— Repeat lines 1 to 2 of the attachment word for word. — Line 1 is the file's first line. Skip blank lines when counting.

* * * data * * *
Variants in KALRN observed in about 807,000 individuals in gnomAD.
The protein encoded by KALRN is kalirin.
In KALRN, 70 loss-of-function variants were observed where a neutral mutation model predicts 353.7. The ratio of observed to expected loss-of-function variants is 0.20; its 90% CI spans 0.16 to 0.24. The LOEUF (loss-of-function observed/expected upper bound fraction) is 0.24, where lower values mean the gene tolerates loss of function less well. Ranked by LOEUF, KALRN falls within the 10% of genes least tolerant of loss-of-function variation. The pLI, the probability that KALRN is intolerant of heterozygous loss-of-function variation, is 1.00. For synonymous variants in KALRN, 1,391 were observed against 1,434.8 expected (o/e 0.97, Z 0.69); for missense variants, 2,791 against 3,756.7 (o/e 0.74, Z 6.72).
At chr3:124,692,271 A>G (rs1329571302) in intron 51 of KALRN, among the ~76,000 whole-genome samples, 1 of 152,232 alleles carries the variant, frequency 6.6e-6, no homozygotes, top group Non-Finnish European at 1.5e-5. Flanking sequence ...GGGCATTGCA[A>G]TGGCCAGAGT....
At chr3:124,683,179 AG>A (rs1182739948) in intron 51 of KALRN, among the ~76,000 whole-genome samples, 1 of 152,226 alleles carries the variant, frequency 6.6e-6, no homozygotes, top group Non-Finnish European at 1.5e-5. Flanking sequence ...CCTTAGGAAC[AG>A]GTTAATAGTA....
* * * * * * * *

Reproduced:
Variants in KALRN observed in about 807,000 individuals in gnomAD.
The protein encoded by KALRN is kalirin.